Niels Bohr Lecture by Tomas Bohr

Bouncing Droplets, Pilot Waves & Quantum Mechanics

Abstract: Since the development of Quantum Mechanics in the 20ies it has remained a hotly debated issue, whether one should be satisfied with such a statistical theory, with no precise way of predicting single events, or look for an underpinning deterministic dynamics (hidden variables).

This debate has recently been re-energized by the discovery by Y. Couder and E. Fort in Paris that droplets can “walk” on a vibrating fluid surface, pushed by the waves they produce - just like the “pilot wave” dynamics envisaged by de Broglie and leading to the discovery of Quantum Mechanics.

Such walking droplets have been shown to exhibit typical quantum behavior such as discrete orbital states, tunneling through a forbidden region and, at least experimentally, quantum like self-interference on passage of a double slit arrangement.

In the lecture we shall assess this development and discuss, whether this kind of dynamics might actually lead to a new understanding of Quantum Mechanics.

  • Wednesday, October 7, 2015 at 15:15 in Aud. 3 at HCØ.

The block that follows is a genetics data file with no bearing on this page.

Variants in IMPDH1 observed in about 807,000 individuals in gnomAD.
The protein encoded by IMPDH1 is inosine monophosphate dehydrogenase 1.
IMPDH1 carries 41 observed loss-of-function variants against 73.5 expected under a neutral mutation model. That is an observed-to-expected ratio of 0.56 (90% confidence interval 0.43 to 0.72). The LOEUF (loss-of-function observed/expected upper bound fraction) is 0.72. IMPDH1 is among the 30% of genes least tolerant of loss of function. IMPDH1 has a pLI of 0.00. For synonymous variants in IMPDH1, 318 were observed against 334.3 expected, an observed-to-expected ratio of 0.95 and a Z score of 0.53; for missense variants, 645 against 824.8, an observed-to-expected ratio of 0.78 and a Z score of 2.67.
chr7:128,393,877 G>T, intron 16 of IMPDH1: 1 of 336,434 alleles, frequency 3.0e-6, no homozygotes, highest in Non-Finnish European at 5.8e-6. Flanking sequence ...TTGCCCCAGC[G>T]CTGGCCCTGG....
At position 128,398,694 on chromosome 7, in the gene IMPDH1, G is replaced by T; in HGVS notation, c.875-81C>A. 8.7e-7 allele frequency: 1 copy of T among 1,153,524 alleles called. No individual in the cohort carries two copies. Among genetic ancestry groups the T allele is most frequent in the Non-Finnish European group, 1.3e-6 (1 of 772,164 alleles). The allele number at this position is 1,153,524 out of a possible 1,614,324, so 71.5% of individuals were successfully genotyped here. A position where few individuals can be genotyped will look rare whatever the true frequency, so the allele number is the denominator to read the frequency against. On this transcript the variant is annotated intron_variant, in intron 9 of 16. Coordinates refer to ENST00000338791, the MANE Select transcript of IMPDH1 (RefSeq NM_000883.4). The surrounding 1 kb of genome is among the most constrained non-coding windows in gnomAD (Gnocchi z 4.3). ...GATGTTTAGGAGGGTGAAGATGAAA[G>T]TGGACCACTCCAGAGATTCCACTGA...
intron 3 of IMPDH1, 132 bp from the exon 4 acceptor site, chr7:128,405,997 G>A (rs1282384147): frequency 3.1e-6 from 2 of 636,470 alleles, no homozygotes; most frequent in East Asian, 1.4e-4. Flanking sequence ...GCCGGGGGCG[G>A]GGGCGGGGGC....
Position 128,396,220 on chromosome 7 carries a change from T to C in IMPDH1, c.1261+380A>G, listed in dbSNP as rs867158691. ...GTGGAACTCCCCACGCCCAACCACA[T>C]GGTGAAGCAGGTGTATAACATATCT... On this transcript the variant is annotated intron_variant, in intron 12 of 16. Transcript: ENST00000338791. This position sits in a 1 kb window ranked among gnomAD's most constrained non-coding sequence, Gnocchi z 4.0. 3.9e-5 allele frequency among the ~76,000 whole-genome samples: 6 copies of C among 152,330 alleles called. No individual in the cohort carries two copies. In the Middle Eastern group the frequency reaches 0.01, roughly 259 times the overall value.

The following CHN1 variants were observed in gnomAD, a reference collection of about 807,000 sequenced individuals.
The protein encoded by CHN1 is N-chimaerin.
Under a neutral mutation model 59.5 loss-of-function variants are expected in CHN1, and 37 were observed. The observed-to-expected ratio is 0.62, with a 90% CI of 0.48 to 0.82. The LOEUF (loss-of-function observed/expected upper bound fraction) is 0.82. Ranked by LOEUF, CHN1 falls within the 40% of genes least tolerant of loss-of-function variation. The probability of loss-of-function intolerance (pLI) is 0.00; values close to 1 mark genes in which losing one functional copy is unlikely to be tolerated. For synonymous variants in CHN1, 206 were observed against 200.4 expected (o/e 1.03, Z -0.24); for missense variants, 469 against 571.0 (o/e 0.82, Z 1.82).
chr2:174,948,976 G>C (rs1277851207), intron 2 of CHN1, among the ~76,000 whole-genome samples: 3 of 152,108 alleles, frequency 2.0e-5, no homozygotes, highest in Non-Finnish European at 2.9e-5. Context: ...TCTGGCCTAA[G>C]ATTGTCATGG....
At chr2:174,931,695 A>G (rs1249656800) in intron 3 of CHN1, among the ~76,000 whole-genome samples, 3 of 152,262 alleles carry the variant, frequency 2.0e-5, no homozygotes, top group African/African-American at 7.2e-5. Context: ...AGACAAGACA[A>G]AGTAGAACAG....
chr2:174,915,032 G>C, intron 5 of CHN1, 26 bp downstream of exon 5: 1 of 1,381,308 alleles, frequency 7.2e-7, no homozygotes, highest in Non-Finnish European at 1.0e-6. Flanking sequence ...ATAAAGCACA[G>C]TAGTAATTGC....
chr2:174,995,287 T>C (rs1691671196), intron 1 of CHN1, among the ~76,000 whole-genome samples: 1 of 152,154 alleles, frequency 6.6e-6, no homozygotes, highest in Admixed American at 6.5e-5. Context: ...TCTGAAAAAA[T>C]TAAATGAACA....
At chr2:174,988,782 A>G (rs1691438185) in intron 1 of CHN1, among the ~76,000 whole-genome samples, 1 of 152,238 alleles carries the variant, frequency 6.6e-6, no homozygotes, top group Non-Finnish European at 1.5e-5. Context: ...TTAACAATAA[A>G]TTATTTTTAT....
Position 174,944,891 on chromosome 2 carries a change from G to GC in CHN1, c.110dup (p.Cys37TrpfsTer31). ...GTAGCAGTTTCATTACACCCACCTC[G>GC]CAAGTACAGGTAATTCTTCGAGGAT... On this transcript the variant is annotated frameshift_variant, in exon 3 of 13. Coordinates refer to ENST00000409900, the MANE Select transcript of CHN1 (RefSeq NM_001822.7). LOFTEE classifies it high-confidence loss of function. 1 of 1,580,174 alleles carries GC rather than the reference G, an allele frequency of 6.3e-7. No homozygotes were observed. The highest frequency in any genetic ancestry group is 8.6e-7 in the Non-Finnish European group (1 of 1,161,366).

About Tomas Bohr:

Tomas Bohr is Professor of Physics in the Section ”Biophysics and Fluids” at the Department of Physics as well as director of Center for Fluid Dynamics at DTU. Tomas Bohr’s field of research is Complex Systems. He has worked with chaos, turbulence  and statistical mechanics and written ”Bevægelsens Uberegnelige Skønhed. Om kaos.” (Gyldendal 1992) for the lay audience and is co-author of the monograph ”Dynamical Systems Approach to Turbulence" (Cambridge 1998). In later years he has been particularly interested in strongly non-linear fluid flows, which, even if they are not turbulent, give rise to surprising structures - in particular surfaces with edges, corners and needles. Simultaneously, he studies biofluid dynamics in the context of planktonic organisms and the sap dynamics in plants. Tomas Bohr combines theoretical work with simple model experiments on e. g.  hydraulic jumps, bathtub vortices, sand ripples and sap flows in trees.